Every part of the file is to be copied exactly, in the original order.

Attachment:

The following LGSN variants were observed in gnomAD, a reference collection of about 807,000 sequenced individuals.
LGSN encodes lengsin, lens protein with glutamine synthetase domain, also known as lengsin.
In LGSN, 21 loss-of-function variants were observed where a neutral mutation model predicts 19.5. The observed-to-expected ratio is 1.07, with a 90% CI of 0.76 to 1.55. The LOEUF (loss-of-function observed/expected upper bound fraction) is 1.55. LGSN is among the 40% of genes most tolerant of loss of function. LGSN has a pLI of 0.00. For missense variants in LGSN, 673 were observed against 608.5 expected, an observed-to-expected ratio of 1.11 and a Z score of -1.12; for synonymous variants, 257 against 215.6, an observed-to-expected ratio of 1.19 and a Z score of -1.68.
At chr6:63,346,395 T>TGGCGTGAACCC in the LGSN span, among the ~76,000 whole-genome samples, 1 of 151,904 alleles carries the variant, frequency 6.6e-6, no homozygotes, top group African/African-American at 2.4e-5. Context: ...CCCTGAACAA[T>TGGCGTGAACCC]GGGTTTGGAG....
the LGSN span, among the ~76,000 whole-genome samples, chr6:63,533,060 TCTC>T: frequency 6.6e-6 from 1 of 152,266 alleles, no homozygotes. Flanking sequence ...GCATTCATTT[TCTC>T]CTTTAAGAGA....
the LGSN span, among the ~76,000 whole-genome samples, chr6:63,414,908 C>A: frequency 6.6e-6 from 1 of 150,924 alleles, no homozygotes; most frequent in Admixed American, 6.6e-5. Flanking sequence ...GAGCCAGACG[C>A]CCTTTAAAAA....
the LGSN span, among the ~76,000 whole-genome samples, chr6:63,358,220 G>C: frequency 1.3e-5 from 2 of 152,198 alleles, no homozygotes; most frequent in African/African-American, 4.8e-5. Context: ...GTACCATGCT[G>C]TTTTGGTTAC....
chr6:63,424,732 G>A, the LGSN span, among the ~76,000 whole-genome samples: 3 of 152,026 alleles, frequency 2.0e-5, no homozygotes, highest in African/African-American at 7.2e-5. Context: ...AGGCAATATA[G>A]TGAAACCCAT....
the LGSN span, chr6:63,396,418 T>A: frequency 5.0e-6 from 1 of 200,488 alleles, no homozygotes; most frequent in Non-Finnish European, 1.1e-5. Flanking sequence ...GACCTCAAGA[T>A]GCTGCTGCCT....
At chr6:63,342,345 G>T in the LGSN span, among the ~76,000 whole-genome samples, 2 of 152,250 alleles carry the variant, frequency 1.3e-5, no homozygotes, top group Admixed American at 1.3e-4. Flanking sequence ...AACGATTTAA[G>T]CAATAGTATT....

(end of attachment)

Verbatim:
The following LGSN variants were observed in gnomAD, a reference collection of about 807,000 sequenced individuals.
LGSN encodes lengsin, lens protein with glutamine synthetase domain, also known as lengsin.
In LGSN, 21 loss-of-function variants were observed where a neutral mutation model predicts 19.5. The observed-to-expected ratio is 1.07, with a 90% CI of 0.76 to 1.55. The LOEUF (loss-of-function observed/expected upper bound fraction) is 1.55. LGSN is among the 40% of genes most tolerant of loss of function. LGSN has a pLI of 0.00. For missense variants in LGSN, 673 were observed against 608.5 expected, an observed-to-expected ratio of 1.11 and a Z score of -1.12; for synonymous variants, 257 against 215.6, an observed-to-expected ratio of 1.19 and a Z score of -1.68.
At chr6:63,346,395 T>TGGCGTGAACCC in the LGSN span, among the ~76,000 whole-genome samples, 1 of 151,904 alleles carries the variant, frequency 6.6e-6, no homozygotes, top group African/African-American at 2.4e-5. Context: ...CCCTGAACAA[T>TGGCGTGAACCC]GGGTTTGGAG....
the LGSN span, among the ~76,000 whole-genome samples, chr6:63,533,060 TCTC>T: frequency 6.6e-6 from 1 of 152,266 alleles, no homozygotes. Flanking sequence ...GCATTCATTT[TCTC>T]CTTTAAGAGA....
the LGSN span, among the ~76,000 whole-genome samples, chr6:63,414,908 C>A: frequency 6.6e-6 from 1 of 150,924 alleles, no homozygotes; most frequent in Admixed American, 6.6e-5. Flanking sequence ...GAGCCAGACG[C>A]CCTTTAAAAA....
the LGSN span, among the ~76,000 whole-genome samples, chr6:63,358,220 G>C: frequency 1.3e-5 from 2 of 152,198 alleles, no homozygotes; most frequent in African/African-American, 4.8e-5. Context: ...GTACCATGCT[G>C]TTTTGGTTAC....
chr6:63,424,732 G>A, the LGSN span, among the ~76,000 whole-genome samples: 3 of 152,026 alleles, frequency 2.0e-5, no homozygotes, highest in African/African-American at 7.2e-5. Context: ...AGGCAATATA[G>A]TGAAACCCAT....
the LGSN span, chr6:63,396,418 T>A: frequency 5.0e-6 from 1 of 200,488 alleles, no homozygotes; most frequent in Non-Finnish European, 1.1e-5. Flanking sequence ...GACCTCAAGA[T>A]GCTGCTGCCT....
At chr6:63,342,345 G>T in the LGSN span, among the ~76,000 whole-genome samples, 2 of 152,250 alleles carry the variant, frequency 1.3e-5, no homozygotes, top group Admixed American at 1.3e-4. Flanking sequence ...AACGATTTAA[G>T]CAATAGTATT....